Depending on the options you take, you will develop skills in science writing, cutting-edge science communication techniques, and the abilities you'll need to develop and run science communication projects. This includes devising and managing projects, evaluations and funding.
If you're interested in adding more theoretical or research-based studies to these practical skills, you should consider the MSc Science Communication, offered as a full or part-time course. The MSc is also suitable for international students who require visas to study in the UK.
Please contact Andy Ridgway at Andy.Ridgway@uwe.ac.uk to discuss your options further.
Watch: The learning and teaching experience
You will choose two from these three modules (30 credits each):
- Science on Air and on Screen - Build your radio, TV and digital skills by critically exploring the role of broadcast media in the communication of science. You'll also make an 'as live' radio magazine programme about science, and a short film.
- Science in Public Spaces - Develop your own science communication initiative in this hands-on module from developing a creative concept, to seeking funding, and managing and evaluating a project. You'll explore a range of innovative approaches from sci-art, to museums, festivals to theatre.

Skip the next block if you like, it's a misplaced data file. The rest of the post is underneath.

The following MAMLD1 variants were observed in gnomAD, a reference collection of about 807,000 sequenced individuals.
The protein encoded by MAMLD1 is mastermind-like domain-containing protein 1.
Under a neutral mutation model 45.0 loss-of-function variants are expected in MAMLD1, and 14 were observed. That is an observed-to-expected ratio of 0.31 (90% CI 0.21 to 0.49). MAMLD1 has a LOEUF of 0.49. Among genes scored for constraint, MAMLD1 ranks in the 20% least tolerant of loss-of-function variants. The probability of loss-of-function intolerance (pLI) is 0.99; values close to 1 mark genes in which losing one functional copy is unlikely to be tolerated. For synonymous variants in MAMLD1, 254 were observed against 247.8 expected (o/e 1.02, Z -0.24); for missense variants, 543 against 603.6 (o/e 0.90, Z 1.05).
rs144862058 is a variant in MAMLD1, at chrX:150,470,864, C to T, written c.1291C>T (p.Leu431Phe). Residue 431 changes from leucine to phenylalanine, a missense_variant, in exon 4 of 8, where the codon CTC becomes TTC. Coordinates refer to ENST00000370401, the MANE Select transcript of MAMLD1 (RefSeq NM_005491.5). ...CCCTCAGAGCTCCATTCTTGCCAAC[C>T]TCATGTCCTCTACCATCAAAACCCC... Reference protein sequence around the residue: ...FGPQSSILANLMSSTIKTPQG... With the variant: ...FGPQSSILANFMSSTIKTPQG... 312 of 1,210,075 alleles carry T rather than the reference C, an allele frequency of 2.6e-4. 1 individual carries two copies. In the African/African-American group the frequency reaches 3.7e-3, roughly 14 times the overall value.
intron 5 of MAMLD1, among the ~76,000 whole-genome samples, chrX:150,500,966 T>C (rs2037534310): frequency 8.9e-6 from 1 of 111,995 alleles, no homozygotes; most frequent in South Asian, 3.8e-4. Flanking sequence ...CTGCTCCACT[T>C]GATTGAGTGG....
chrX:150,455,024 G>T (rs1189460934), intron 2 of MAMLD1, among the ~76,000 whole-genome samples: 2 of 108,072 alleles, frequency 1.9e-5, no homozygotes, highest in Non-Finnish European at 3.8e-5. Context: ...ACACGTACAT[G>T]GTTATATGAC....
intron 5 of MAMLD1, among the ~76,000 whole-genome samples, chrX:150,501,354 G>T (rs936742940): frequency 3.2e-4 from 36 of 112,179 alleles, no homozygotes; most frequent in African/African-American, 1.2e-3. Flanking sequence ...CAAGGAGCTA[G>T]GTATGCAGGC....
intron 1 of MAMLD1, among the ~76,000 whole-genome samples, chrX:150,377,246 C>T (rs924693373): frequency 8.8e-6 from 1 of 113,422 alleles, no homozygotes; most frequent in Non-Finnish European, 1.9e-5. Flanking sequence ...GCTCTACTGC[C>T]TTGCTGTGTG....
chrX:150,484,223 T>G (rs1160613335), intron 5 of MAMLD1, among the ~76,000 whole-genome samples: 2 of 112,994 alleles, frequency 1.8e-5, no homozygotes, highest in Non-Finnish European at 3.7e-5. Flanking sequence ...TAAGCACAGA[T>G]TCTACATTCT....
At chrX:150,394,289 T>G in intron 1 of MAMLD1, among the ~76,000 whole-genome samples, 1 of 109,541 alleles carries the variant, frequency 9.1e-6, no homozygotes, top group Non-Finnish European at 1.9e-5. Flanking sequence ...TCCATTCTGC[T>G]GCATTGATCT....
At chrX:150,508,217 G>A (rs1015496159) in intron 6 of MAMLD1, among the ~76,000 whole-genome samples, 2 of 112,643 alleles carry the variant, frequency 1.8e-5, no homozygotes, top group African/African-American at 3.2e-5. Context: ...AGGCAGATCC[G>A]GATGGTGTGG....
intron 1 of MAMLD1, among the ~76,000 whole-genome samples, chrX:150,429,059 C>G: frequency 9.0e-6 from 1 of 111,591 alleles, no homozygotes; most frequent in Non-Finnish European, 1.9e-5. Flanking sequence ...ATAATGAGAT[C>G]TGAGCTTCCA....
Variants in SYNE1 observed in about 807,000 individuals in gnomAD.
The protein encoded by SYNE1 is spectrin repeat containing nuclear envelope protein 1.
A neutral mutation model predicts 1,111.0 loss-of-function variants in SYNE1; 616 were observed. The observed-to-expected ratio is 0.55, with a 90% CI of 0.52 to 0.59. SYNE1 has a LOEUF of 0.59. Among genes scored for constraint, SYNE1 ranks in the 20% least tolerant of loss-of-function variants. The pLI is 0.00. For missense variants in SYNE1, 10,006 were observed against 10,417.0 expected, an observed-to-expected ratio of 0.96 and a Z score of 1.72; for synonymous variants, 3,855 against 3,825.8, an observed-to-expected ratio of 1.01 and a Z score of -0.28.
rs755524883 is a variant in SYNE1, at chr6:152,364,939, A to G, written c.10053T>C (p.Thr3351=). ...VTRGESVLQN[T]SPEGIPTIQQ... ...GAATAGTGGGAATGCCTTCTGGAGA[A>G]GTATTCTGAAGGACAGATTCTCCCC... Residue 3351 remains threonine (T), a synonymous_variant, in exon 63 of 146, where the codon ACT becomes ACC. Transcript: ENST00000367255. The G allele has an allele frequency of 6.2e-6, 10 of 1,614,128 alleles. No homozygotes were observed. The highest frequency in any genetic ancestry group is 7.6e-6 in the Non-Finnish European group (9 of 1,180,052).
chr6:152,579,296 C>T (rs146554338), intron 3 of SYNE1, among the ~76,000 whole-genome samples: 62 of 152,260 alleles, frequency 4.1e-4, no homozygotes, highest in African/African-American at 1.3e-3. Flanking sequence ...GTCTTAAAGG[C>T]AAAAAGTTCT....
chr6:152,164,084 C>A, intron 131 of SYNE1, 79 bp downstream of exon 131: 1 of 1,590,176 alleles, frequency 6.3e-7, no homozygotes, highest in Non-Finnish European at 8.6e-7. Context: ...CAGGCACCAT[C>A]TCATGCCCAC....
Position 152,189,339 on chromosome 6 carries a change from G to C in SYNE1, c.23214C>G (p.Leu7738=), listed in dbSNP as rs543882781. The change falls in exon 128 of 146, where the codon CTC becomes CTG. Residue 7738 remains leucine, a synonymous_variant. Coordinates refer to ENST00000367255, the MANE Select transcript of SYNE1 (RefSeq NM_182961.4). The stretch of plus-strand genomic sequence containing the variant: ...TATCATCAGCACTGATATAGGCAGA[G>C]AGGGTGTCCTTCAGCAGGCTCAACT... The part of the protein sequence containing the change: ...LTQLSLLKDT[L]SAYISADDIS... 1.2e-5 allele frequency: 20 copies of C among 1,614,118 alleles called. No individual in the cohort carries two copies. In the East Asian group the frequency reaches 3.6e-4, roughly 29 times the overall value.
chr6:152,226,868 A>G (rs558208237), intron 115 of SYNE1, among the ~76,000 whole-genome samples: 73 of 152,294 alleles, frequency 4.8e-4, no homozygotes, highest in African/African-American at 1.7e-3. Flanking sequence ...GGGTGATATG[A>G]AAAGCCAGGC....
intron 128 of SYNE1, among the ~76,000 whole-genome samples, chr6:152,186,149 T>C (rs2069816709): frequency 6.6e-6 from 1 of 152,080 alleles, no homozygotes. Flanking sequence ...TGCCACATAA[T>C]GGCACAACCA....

- Writing Science - Develop journalistic and other writing styles, including writing for news media, public relations and educational purposes, with a view to developing a portfolio, as well as working on a magazine project.
The University continually enhances our offer by responding to feedback from our students and other stakeholders, ensuring the curriculum is kept up to date and our graduates are equipped with the knowledge and skills they need for the real world. This may result in changes to the course. If changes to your course are approved we will inform you.
Learning and Teaching